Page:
Director: David Dobkin
Cast: Robert Downey Jr., Robert Duvall, Vera Farmiga, Billy Bob Thornton, Vincent D'Onofrio
Release Date: October 10th, 2014
In the new movie The Juddge, when the title character– Judge Joseph Palmer (Robert Duvall)– talks about the attorney he needs to defend him in an upcoming murder trial, he notes that someone decent would serve him well. He adds, “By decent I mean honest”– two adjectives that could easily describe his own character.
He’s served his nation and his hometown for 42 years as a criminal judge and has been an honest, decent man throughout those years in court. He’s done his civic duty of protecting the innocent and punishing the criminals and believes that he deserves some respect from both the community and his own children.
When his wife dies as the story begins, Joseph’s wayward son Hank Palmer (Robert Downey Jr.)— now a high-profile attorney— returns to town to mourn his mother. He doesn’t show his father much respect. Hank is efficient both in the law and in relationships. He dives into both relationships and cases, does what he wants and then leaves as soon as it’s convenient for him. He plans to do the same thing at his mother’s funeral— rushing into town, saying his goodbyes and then leaving before the dawn breaks on a new day. Hank’s plan is jilted when his father is accused of murdering a criminal who once stood in his courtroom.
Hank is forced to dig deeper and expect more from himself, something he’s never been good at.
The Judge provides a perfect opportunity for two actors— one still in his prime and the other a walking, talking, living legend— to show off their dramatic skills and to create complex and flawed characters. Downey Jr. may be the bigger star now but it’s Duvall whose vulnerabilities show through his every moment onscreen. Joseph, like his son, is a stubborn man but needs physical care for his ailing body. One second the judge may be in charge of a packed courtroom but moments later, he may be incapable of managing his own faculties.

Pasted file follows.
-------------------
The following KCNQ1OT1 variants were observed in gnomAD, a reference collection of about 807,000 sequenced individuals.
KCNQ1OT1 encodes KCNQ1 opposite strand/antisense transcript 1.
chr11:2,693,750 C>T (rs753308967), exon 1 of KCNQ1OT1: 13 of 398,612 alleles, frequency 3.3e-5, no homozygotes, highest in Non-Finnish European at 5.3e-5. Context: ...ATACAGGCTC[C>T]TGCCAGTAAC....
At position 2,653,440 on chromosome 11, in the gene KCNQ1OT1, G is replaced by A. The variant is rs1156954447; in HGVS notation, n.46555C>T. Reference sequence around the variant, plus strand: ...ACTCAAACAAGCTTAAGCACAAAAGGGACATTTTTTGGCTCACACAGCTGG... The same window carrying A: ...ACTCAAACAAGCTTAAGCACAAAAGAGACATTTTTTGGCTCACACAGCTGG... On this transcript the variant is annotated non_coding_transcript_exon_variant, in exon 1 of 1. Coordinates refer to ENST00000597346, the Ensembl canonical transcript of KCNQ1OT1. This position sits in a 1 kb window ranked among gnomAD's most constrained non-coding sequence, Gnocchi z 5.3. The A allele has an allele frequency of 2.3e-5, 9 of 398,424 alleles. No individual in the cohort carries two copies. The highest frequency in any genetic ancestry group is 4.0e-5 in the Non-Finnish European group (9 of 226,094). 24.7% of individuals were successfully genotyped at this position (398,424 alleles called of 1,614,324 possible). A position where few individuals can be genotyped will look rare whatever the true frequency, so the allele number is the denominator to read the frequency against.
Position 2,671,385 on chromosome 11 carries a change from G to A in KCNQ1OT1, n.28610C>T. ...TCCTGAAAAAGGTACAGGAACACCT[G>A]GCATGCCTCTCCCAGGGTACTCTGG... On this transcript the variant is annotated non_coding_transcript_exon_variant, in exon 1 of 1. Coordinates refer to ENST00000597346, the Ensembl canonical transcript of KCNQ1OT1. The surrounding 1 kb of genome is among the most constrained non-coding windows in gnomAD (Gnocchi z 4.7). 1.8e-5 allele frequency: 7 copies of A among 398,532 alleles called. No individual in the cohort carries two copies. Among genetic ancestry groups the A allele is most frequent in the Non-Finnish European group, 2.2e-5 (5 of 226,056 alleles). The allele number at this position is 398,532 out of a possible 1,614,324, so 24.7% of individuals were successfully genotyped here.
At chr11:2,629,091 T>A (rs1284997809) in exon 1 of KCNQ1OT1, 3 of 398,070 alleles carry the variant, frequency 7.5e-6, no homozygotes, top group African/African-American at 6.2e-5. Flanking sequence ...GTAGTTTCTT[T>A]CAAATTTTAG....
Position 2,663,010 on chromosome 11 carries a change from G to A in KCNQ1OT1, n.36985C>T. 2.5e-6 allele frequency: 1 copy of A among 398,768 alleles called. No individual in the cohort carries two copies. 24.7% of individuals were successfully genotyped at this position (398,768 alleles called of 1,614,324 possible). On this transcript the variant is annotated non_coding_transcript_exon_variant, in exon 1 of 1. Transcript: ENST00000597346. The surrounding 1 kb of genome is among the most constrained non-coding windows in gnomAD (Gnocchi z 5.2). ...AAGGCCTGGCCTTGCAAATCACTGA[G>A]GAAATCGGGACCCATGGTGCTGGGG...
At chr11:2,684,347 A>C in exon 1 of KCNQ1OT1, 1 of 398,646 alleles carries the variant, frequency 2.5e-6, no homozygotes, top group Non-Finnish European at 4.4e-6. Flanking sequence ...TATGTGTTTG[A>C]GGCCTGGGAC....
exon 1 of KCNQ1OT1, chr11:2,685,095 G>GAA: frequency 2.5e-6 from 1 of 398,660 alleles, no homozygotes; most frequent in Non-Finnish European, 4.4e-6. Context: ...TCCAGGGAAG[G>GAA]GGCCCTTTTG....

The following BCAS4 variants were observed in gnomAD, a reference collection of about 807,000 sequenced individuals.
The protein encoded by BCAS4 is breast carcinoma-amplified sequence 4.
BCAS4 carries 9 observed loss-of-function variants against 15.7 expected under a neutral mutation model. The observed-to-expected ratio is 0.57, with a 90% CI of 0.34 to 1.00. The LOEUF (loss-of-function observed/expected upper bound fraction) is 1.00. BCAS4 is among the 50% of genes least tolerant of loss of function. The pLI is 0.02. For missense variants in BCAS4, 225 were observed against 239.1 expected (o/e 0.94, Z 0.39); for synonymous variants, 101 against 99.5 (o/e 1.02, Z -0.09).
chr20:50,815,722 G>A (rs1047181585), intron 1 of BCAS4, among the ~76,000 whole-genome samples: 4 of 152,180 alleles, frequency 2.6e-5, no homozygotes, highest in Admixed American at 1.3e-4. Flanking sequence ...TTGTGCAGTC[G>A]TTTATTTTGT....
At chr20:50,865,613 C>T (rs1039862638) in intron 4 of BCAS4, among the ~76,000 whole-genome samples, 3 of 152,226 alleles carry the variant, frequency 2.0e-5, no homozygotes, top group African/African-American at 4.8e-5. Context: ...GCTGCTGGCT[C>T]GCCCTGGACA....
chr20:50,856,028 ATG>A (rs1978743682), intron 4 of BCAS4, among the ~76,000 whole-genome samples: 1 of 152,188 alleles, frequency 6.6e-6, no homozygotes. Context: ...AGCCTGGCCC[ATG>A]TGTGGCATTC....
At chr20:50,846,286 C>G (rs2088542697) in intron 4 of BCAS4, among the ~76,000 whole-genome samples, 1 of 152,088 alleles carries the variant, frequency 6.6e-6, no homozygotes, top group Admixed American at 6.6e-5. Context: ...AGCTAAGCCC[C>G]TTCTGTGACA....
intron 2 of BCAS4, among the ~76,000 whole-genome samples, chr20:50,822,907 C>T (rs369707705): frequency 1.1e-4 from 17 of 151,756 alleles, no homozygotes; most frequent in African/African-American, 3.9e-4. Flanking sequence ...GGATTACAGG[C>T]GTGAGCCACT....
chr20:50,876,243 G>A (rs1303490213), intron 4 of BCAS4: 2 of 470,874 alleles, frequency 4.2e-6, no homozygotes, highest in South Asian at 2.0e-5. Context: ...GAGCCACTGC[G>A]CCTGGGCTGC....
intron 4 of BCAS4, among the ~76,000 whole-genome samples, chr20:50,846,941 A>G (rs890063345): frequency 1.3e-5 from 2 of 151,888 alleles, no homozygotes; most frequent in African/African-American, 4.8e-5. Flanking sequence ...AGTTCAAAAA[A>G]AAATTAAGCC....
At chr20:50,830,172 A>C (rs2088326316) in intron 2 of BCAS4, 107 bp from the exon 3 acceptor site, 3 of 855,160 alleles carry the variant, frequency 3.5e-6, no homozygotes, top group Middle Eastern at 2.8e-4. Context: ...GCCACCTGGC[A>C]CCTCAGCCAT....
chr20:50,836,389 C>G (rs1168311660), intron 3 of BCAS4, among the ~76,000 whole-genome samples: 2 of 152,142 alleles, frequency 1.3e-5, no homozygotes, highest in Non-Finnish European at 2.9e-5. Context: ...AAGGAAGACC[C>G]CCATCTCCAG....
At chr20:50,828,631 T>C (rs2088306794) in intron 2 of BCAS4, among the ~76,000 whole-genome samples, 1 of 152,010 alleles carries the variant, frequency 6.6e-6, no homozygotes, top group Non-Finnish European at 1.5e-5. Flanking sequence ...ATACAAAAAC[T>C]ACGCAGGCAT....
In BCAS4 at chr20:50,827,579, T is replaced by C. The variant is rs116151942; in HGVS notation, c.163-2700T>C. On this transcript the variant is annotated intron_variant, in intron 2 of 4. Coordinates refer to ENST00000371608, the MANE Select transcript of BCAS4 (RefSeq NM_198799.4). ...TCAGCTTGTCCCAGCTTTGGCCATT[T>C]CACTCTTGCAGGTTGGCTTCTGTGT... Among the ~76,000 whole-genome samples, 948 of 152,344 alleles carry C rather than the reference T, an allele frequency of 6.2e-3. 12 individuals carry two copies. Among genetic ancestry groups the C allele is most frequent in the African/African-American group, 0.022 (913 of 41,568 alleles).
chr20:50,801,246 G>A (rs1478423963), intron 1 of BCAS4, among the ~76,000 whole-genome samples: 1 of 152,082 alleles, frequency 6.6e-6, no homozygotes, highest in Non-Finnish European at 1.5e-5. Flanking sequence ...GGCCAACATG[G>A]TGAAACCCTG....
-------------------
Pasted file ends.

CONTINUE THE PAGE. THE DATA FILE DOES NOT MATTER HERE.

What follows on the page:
It’s to his credit that Duvall is able to show off the duality of this character so magnificently.
Vincent D’Onofrio and Jeremy Strong appear as Hank’s two more responsible siblings Glen and Dale. Glen has stayed in town with his parents while Dale is mentally handicapped and has always relied on his parents. But the show here belongs to Downey Jr. and Duvall and Vera Farmiga, who plays the lovely bartender whose relationship with Hank is brought into focus when he’s back in town.
Despite its title though, The Judge doesn’t spend the majority of its running time in a courtroom. Instead screenwriters Nick Schenk and Bill Dubuque rely on the familial relationships to keep this story going. If the characters aren’t written well, the verdict (is the judge guilty of murder?) wouldn’t matter. Here, the characters are written so well that the verdict matters a great deal.
While The Judge hits its mark during the many scenes that Duvall and Downey Jr. share, it falters in its depiction of some of its less important relationships. Downey Jr.’s marriage is surprisingly underplayed here— in fact the argument he has with his wife feels completely out-of-place. Additionally, Hank’s relationship with a young bartender named Carla (Leighton Meester) is both unnecessary and distracting from the larger story being told here.
This is a movie about a father and a prodigal son and when it so often arrives in those moments, the verdict is clear: this movie is a winner.
Review by: John Hanlon